1943 US Model 03A3
by Remington Arms, Ilion NY

Cal. .30-06

"World War 2 Modified Version of US Springfield Model 1903"

See Target

Although the US Army had designated the M1 semi-automatic (Garand) as the primary infantry rifle since 1937, the two builders of the M1 (Springfield Armory and Winchester Repeating Arms) were unable to produce enought rifles fast enough for the huge increase in US armed forces. So, in addition to recalling to active duty, from government storage, the many original M1903 rifles still available, the government contracted with Remington and Smith-Corona (yes, the typewriter people) to produce new-built M1903 rifles, but modified enough to warrant a new model designation, as the 03A3.

The US Model 03A3's major changes involved replacing the tangent leaf rear sight with an aperture sight and moving it to the rear of the receiver (and incidentally changing the silhouette to more closely resemble the US Model of 1917), replacing many previously milled/machined steel parts with stamped parts (barrel bands, trigger guard, and magazine follower), and reducing by half the number of rifling grooves in the barrel bore (from four down to two). Conclusive research showed these changes had no detrimental effect on either accuracy or performance, and in fact the new rear sight proved a boon to accuracy, as it was closer to the shooter's eye, and hence a longer sight radius (always a good thing), and the aperture was easier to aim than the old V-notch/aperture/battle sight combination. ...And the new sight proved easier (and faster) to train a new recruit on as well. Like its older brother, the US Model of 1903, the 03A also accepts the full range of bayonets from M1905 to M1(?).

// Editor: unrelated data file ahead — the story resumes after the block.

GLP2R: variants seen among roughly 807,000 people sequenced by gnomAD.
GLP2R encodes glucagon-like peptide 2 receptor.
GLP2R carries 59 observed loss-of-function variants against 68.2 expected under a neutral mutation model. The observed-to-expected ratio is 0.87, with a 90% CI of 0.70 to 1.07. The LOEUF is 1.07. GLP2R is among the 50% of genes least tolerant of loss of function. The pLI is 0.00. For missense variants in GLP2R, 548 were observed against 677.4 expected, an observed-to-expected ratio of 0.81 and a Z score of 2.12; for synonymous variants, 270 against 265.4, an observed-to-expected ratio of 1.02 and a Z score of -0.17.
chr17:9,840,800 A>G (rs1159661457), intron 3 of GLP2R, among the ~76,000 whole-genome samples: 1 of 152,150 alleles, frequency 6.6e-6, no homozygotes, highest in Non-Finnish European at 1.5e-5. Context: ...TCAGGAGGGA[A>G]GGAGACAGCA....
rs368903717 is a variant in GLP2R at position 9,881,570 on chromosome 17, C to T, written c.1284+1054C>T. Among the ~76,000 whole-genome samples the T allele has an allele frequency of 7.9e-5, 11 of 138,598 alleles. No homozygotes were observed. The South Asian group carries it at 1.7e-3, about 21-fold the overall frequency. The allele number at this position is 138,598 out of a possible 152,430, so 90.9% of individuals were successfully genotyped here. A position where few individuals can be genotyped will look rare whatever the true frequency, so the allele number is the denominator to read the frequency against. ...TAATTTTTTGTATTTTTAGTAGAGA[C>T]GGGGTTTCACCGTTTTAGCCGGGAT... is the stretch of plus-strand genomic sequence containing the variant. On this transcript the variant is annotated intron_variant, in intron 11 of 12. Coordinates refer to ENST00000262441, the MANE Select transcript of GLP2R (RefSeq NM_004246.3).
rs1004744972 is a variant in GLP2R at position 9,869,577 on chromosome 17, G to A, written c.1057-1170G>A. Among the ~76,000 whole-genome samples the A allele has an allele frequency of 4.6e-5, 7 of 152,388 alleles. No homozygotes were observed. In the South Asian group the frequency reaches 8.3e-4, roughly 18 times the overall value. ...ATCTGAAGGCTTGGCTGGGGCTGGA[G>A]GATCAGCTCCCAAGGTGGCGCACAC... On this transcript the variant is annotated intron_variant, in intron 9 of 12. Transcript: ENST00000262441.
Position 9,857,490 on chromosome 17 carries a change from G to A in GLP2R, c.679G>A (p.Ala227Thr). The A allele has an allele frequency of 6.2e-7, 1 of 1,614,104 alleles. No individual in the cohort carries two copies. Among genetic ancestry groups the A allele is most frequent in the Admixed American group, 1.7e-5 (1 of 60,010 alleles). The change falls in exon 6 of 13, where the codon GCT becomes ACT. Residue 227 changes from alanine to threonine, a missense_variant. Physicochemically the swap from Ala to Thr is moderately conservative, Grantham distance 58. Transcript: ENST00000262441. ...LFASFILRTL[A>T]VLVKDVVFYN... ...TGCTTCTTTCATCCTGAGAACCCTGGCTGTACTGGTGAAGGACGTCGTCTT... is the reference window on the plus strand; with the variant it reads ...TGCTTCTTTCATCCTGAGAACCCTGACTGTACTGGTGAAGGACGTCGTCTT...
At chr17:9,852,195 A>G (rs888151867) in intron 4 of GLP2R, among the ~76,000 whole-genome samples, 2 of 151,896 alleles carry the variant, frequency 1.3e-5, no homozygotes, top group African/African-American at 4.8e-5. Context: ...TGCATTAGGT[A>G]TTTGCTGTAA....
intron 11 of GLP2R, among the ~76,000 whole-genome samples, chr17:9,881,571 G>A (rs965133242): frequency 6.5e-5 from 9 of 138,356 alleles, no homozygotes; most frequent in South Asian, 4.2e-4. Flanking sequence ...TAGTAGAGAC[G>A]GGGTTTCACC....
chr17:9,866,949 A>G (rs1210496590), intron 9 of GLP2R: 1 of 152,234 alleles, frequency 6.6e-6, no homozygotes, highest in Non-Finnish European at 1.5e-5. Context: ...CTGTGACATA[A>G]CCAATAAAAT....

This particular example rifle, originally built by Remington in June of 1943, we obtained from the CMP in 2004. It had been loaned to Greece following WW2, and was rearsenaled either just before that or actually during the Greek possesion. The rebuild included a new stock, and this stock is from the old reserve inventory of Keystone (WW2 contract supplier) stocks known as "Scant" stocks, referring to the semi-pistol grip shape. This rifle was apparently never reissued or used again after the rearsenal job, and now appears nearly brand-new. However, in our hands, it is consistently one of my worst shooting rifles; a bit wild, with wide groups. Granted, these were never intended to be target rifles, but we would feel fairly safe if someone were shooting at us with this rifle at a distance of 300 yards or more. Still, a man-sized target at less than 250 yards or so would stand a greater-than-75% chance of sustaining a hit. It's wearing an American Fork & Hoe bayonet, built under US Ordinance contract, also in 1943.

Below is what this rifle did to a target at 100 yards from a sandbag benchrest, using military surplus ammo. Several more holes are outside the black area. This was shot in October 2004, and it has not shot this well since then.